Paul Addison

Messy Old Life

Modernity Britain: Opening the Box, 1957–59

By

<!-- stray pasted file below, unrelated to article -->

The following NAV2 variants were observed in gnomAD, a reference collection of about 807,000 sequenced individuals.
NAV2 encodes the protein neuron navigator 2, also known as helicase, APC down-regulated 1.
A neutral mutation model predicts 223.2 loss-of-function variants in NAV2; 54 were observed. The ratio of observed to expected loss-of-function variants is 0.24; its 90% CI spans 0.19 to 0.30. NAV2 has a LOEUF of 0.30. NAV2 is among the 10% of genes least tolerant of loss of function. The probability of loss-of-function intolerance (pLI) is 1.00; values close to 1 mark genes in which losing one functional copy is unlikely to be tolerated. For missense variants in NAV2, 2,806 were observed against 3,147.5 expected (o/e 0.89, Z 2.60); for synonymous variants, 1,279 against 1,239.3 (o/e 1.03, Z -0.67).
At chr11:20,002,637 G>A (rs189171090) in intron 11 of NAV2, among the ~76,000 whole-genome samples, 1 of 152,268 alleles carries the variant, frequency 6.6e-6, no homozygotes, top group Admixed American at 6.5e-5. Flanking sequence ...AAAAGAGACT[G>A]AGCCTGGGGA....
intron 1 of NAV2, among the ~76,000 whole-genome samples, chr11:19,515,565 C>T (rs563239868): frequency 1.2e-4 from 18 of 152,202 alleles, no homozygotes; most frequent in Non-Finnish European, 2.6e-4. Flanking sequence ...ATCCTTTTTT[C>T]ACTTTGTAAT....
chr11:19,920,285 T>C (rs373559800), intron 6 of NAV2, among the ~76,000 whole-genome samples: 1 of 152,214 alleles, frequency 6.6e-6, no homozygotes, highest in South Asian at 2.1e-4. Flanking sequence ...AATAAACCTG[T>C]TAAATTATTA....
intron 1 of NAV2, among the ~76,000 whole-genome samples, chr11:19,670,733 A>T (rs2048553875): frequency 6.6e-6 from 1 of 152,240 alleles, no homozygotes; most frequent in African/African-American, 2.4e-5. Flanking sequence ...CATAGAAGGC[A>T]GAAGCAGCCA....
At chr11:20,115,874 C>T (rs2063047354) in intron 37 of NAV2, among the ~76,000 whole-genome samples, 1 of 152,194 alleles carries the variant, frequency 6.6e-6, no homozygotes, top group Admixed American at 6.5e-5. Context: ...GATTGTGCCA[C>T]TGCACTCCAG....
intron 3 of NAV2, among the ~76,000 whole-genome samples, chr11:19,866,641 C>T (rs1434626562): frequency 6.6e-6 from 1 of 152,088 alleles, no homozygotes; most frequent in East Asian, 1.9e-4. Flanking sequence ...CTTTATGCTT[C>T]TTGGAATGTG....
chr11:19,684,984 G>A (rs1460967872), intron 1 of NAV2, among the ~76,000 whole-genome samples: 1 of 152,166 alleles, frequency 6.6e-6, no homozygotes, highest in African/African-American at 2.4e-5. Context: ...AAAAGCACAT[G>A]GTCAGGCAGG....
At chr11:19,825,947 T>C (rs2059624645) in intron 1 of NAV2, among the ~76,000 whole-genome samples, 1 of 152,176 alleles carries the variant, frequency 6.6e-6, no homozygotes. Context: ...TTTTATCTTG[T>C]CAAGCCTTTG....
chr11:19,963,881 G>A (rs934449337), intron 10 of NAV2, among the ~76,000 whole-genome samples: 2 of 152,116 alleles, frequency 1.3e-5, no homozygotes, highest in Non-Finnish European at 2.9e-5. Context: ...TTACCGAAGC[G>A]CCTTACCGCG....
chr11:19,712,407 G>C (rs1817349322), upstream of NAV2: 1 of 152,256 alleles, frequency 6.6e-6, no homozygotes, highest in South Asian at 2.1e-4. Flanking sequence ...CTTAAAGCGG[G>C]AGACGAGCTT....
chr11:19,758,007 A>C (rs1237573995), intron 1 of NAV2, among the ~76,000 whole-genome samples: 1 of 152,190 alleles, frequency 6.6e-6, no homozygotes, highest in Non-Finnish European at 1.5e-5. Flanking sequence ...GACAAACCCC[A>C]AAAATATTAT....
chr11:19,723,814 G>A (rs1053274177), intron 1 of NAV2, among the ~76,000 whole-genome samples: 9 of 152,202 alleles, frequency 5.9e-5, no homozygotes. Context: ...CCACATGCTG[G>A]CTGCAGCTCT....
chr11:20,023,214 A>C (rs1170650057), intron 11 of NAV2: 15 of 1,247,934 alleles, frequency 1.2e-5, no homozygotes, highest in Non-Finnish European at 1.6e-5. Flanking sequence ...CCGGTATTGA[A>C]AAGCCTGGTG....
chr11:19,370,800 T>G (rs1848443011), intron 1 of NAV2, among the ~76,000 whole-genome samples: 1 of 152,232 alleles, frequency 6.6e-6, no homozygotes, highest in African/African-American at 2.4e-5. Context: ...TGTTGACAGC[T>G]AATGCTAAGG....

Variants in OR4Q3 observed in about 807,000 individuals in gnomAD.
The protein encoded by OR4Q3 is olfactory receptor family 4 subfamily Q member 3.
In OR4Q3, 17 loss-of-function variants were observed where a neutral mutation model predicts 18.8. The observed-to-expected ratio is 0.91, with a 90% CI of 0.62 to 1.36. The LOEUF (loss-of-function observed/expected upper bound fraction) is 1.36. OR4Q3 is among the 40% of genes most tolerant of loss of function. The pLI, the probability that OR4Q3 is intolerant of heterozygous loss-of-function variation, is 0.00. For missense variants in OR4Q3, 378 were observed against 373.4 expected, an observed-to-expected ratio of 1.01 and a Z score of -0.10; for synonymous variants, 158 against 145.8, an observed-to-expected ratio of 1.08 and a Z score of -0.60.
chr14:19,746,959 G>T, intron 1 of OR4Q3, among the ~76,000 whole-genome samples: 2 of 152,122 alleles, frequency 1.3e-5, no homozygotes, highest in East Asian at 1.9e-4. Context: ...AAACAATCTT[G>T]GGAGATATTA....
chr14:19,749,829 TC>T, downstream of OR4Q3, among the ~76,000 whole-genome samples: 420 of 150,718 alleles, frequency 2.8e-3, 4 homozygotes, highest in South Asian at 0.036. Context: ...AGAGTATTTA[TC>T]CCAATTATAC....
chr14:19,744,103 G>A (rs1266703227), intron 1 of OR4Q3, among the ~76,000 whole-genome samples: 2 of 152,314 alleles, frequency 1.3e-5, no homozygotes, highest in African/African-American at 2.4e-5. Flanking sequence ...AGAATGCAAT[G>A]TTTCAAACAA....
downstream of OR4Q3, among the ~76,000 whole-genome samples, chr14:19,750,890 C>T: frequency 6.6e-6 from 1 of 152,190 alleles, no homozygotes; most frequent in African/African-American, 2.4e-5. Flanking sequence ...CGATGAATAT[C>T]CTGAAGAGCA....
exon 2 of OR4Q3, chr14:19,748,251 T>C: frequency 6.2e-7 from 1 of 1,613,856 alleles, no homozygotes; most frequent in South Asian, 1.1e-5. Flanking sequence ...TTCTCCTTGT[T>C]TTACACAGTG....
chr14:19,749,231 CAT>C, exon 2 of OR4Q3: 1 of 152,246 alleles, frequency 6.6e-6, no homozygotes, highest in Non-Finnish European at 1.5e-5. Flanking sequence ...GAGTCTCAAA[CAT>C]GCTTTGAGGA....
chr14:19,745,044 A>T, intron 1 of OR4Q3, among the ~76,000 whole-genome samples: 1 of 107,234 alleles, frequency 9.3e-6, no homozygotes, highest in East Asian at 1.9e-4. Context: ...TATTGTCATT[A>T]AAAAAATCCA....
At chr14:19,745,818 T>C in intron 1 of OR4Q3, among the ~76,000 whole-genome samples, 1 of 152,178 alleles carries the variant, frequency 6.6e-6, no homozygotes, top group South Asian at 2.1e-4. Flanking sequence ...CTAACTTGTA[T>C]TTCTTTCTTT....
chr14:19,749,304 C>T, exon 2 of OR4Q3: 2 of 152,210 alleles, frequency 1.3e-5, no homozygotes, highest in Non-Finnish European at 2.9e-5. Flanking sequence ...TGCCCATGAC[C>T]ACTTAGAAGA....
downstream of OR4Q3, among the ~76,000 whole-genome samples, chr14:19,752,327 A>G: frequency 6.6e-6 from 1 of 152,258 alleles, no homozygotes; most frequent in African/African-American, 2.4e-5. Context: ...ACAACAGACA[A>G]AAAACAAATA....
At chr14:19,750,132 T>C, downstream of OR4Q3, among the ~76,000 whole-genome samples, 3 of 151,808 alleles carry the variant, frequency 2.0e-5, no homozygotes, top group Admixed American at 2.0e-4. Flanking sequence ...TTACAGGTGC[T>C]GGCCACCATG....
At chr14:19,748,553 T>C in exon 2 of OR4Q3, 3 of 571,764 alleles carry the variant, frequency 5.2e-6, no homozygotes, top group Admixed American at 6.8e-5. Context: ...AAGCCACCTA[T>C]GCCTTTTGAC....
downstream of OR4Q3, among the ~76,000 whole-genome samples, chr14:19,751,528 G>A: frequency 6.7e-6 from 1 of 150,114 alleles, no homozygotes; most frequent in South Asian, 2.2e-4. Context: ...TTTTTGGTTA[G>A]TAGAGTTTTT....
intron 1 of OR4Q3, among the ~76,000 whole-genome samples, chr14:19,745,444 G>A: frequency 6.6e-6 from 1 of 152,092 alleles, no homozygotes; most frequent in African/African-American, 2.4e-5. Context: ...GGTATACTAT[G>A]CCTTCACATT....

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When Noël Coward went to see the West End production of Shelagh Delaney’s A Taste of Honey, he described it in his diary as ‘a squalid little piece about squalid and unattractive people’. His reaction typifies the peculiar character of the late 1950s, a period that opened up a many-sided debate between the traditional and the modern: grammar school versus comprehensive, Victorian terrace versus high-rise block, Reithian BBC versus the ITV of Hughie Green and Double Your Money, whites-only versus multiracial Britain. This new sense of flux is the main theme of Modernity Britain, the latest instalment of Tales of a New Jerusalem, David Kynaston’s hugely impressive, multivolume history of Britain since 1945.

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